|Publication number||US5853887 A|
|Application number||US 08/681,484|
|Publication date||Dec 29, 1998|
|Filing date||Jul 23, 1996|
|Priority date||Jun 23, 1993|
|Also published as||DE69409438D1, DE69409438T2, EP0630950A1, EP0630950B1|
|Publication number||08681484, 681484, US 5853887 A, US 5853887A, US-A-5853887, US5853887 A, US5853887A|
|Inventors||Akihiro Yoshimoto, Toshihiro Yoshinaga, Shigeru Nagaoka, Masayasu Morishita|
|Original Assignee||Titan Kogo Kabushiki Kaisha|
|Export Citation||BiBTeX, EndNote, RefMan|
|Patent Citations (6), Referenced by (29), Classifications (42), Legal Events (4)|
|External Links: USPTO, USPTO Assignment, Espacenet|
This is a continuation of application Ser. No. 08/264,574 filed Jun. 23, 1994 now abandoned.
This invention relates to white conductive powders for use in electrically conductive or antistatic synthetic fibers, as well as in plastics and paints protected against static buildup. The invention also relates to a process for producing such white conductive powders, as well as resin compositions containing them.
Many of the currently used conductive or antistatic synthetic fibers, plastics and paints are formulated with carbon black, metal powders, etc. However, the black color of these constituent materials has limited the use of the final products. With a view to solving this problem, there have been proposed white conductive powders that comprise the particles of titanium dioxide, etc. coated with an antimony-doped tin oxide layer (see, Japanese Patent Public Disclosure (KOKAI) Nos. Sho 53-92854, 58-209002, etc.), as well as synthetic fibers, plastics and paints that are formulated with such white conductive powders (see, Japanese Patent Public Disclosure (KOKAI) Nos. Sho 56-169816, Hei 2-307911, etc.)
The synthetic fibers, plastics and paints that have the proposed white conductive powders added thereto have a much higher degree of whiteness than those formulated with carbon black, metal powders and other conventional materials. Yet, compared to the case of formulating titanium dioxide which is one of the most commonly used white pigments, the color of those synthetic fibers, plastics and paints is bluish black and still low in whiteness. As a further problem, the color of the antimony-doped tin dioxide changes to bluish black upon exposure to light, causing color shading in the surfaces of resins and paints that incorporate said antimony-doped tin dioxide.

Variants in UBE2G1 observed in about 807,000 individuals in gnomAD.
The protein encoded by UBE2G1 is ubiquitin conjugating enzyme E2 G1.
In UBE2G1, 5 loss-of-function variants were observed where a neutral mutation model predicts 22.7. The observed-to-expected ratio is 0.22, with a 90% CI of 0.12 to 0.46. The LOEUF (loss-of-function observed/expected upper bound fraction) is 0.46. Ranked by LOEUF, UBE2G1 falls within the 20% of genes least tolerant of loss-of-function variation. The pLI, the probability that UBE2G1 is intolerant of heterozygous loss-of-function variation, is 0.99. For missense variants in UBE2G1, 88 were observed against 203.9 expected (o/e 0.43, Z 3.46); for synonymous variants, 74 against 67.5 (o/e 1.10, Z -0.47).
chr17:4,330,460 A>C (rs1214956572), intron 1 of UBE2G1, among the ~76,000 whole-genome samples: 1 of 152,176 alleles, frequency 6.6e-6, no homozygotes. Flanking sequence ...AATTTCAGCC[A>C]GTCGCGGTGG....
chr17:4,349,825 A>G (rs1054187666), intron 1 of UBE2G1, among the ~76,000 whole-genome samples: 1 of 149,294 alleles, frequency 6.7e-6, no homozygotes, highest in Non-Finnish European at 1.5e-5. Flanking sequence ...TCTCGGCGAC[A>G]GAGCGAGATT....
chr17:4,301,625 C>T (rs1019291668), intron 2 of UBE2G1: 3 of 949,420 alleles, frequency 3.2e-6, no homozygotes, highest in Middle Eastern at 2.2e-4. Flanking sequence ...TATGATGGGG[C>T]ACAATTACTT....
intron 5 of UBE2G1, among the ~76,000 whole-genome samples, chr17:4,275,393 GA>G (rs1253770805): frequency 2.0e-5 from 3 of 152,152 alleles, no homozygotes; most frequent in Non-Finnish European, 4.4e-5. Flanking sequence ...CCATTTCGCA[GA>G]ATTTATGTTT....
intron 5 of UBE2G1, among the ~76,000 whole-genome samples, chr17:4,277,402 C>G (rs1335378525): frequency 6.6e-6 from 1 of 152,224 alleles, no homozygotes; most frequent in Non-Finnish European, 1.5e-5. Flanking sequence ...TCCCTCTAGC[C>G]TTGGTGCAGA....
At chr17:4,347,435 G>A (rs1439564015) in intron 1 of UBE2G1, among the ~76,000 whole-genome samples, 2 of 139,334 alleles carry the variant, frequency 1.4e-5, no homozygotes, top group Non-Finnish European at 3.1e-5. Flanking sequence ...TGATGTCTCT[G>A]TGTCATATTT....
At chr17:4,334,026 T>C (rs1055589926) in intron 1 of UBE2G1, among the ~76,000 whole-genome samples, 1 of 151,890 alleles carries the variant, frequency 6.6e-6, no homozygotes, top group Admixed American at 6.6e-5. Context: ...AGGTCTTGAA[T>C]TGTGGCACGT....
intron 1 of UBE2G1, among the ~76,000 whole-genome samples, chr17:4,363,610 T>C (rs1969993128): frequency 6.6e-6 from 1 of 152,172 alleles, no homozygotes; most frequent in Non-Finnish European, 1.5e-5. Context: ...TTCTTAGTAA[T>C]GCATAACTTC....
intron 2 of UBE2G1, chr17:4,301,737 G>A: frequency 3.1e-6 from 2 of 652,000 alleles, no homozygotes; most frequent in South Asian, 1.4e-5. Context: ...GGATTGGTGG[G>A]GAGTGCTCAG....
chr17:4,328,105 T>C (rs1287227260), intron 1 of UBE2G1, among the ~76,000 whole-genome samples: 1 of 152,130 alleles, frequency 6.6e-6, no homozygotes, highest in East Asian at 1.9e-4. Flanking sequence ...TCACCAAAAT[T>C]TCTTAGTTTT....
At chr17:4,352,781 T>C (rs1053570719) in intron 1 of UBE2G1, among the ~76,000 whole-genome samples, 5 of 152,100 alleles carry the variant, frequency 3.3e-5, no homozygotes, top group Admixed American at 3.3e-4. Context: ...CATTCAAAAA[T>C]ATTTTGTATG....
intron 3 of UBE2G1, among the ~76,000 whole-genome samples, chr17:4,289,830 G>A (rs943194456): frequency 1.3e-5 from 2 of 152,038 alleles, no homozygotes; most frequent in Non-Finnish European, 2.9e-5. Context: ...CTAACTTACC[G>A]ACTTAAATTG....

Powders that are free from the problem of discoloration under light can be prepared by doping zinc oxide with aluminum (the product is called "conductive zinc oxide"). Resins and paints that are formulated with this conductive zinc oxide are preferable in that they experience only limited discoloration under light; on the other hand, they are inferior in conduction characteristics compared to conductive powders such as those of TiO2 coated with antimony-doped tin dioxide; for example, their volume resistivity is about a hundred times as high as the value of "conductive titanium dioxide" powder. In addition, they have not been completely satisfactory in terms of whiteness.
Further, the toxicity of antimony is much discussed today and the use of antimony-free white conductive powders is on great demand.
Japanese Patent Public Disclosure No. Hei 4-154621 has proposed a non-antimony method but this is unable to produce a powder that has a comparable volume resistivity to antimony-containing powders.
Japanese Patent Public Disclosure No. Sho 61-141618 proposed potassium titanate coated with tin dioxide-containing indium oxide. However, to prepare this powder, an aqueous solution of indium chloride and an ethanol solution of stannous chloride were used separately and the failure to provide uniform coating ratios for the two compounds presented the problem of unstable volume resistivities. Further, the surfaces of substrate potassium titanate particles were coated only poorly with indium oxide and the substrate worked as an impurity to lower the conductivity of the coating layer. Hence, despite the increase in the coverage with tin oxide-containing indium oxide, the powder had a volume resistivity as high as 104 Ω·cm.